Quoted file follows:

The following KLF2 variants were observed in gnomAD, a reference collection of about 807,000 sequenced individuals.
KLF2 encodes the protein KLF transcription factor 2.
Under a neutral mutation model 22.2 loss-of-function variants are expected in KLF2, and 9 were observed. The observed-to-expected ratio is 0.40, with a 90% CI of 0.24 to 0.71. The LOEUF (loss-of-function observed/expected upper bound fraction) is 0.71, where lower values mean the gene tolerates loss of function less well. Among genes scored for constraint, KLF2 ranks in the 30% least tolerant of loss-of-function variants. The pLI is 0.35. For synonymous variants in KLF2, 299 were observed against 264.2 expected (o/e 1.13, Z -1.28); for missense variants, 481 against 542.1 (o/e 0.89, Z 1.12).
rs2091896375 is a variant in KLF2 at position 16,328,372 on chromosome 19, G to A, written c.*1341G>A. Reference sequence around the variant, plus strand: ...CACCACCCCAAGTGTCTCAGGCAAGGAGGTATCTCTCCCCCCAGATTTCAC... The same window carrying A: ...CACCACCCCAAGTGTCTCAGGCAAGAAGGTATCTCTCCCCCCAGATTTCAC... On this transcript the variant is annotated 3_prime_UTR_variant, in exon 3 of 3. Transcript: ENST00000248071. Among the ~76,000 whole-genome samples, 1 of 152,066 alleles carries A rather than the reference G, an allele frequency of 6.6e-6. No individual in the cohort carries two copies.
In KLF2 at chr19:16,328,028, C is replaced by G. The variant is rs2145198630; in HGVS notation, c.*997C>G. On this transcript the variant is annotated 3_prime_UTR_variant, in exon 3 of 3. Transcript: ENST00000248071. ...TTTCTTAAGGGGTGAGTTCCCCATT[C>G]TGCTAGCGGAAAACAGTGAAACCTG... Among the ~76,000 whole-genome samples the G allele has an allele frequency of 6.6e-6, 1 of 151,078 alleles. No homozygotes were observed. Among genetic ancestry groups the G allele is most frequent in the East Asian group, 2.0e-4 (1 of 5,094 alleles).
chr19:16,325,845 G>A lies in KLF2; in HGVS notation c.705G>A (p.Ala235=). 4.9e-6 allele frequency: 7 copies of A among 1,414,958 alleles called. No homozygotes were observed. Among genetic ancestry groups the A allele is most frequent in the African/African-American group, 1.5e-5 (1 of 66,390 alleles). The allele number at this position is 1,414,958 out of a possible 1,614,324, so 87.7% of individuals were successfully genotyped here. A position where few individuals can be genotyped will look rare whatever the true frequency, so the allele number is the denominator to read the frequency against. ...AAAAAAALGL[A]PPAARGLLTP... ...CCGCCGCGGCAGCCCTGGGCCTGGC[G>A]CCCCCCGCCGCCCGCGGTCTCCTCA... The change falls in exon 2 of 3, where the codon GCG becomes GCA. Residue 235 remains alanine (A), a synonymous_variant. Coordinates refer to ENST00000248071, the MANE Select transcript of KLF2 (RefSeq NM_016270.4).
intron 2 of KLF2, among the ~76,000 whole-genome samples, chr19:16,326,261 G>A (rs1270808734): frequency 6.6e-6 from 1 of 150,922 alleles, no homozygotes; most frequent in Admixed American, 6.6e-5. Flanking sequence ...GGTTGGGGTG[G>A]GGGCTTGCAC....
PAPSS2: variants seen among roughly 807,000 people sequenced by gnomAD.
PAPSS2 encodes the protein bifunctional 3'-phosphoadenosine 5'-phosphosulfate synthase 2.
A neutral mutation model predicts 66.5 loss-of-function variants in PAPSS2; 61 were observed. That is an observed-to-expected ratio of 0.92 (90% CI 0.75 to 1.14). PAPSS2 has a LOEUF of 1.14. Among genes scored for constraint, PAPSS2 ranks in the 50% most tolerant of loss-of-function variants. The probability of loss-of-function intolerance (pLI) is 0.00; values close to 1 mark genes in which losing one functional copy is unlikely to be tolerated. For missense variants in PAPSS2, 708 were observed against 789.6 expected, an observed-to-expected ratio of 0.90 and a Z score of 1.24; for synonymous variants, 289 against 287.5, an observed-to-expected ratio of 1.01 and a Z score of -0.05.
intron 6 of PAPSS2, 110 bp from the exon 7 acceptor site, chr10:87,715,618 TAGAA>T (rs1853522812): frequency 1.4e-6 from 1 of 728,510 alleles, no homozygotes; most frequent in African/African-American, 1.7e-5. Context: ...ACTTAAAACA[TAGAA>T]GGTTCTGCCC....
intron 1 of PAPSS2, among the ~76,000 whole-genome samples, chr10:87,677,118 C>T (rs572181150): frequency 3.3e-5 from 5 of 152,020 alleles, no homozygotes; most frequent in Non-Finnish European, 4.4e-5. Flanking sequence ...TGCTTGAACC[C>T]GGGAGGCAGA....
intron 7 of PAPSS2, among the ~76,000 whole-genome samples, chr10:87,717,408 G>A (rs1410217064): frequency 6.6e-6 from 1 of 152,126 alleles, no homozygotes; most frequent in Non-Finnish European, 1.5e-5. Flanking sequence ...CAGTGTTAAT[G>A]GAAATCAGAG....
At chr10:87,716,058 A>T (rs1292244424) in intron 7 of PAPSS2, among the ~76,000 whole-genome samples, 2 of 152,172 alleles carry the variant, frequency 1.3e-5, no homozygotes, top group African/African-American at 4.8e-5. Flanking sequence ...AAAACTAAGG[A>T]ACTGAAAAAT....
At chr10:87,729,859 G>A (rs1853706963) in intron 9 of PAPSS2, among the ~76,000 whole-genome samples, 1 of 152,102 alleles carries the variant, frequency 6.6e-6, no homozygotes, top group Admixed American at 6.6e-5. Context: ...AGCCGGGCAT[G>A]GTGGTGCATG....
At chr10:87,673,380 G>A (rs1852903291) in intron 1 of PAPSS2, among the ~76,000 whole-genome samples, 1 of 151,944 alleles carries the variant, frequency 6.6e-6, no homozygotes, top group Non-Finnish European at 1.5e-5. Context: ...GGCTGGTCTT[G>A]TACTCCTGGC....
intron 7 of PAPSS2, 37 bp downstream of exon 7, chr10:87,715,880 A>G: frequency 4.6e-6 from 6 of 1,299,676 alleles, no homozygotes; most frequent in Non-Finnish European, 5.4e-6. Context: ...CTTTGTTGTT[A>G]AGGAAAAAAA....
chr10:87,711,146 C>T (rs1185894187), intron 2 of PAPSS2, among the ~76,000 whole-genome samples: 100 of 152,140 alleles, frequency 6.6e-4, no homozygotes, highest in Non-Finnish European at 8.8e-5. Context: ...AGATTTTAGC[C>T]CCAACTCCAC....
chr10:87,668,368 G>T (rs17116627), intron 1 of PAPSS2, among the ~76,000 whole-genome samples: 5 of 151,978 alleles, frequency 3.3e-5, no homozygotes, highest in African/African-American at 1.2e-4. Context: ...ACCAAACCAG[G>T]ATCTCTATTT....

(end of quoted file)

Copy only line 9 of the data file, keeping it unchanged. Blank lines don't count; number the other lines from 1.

PAPSS2 encodes the protein bifunctional 3'-phosphoadenosine 5'-phosphosulfate synthase 2.